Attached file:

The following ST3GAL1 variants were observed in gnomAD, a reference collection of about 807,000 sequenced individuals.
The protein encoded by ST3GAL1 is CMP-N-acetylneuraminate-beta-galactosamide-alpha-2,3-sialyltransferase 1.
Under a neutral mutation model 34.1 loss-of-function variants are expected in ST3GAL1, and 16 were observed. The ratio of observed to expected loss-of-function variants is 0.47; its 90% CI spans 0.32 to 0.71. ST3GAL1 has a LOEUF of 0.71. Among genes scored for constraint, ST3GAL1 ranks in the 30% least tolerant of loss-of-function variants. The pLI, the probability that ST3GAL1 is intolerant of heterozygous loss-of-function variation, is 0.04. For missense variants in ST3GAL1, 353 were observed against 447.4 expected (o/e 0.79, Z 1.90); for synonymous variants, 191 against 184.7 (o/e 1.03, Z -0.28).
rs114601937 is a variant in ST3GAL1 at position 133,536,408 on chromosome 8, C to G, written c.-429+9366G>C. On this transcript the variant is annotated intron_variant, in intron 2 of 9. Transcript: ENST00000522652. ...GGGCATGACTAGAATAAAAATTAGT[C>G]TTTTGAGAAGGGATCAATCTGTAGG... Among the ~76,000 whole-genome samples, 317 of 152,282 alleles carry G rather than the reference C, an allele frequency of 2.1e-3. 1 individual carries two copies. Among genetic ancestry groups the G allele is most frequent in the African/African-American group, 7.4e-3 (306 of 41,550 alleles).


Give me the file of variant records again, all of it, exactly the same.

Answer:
The following ST3GAL1 variants were observed in gnomAD, a reference collection of about 807,000 sequenced individuals.
The protein encoded by ST3GAL1 is CMP-N-acetylneuraminate-beta-galactosamide-alpha-2,3-sialyltransferase 1.
Under a neutral mutation model 34.1 loss-of-function variants are expected in ST3GAL1, and 16 were observed. The ratio of observed to expected loss-of-function variants is 0.47; its 90% CI spans 0.32 to 0.71. ST3GAL1 has a LOEUF of 0.71. Among genes scored for constraint, ST3GAL1 ranks in the 30% least tolerant of loss-of-function variants. The pLI, the probability that ST3GAL1 is intolerant of heterozygous loss-of-function variation, is 0.04. For missense variants in ST3GAL1, 353 were observed against 447.4 expected (o/e 0.79, Z 1.90); for synonymous variants, 191 against 184.7 (o/e 1.03, Z -0.28).
rs114601937 is a variant in ST3GAL1 at position 133,536,408 on chromosome 8, C to G, written c.-429+9366G>C. On this transcript the variant is annotated intron_variant, in intron 2 of 9. Transcript: ENST00000522652. ...GGGCATGACTAGAATAAAAATTAGT[C>G]TTTTGAGAAGGGATCAATCTGTAGG... Among the ~76,000 whole-genome samples, 317 of 152,282 alleles carry G rather than the reference C, an allele frequency of 2.1e-3. 1 individual carries two copies. Among genetic ancestry groups the G allele is most frequent in the African/African-American group, 7.4e-3 (306 of 41,550 alleles).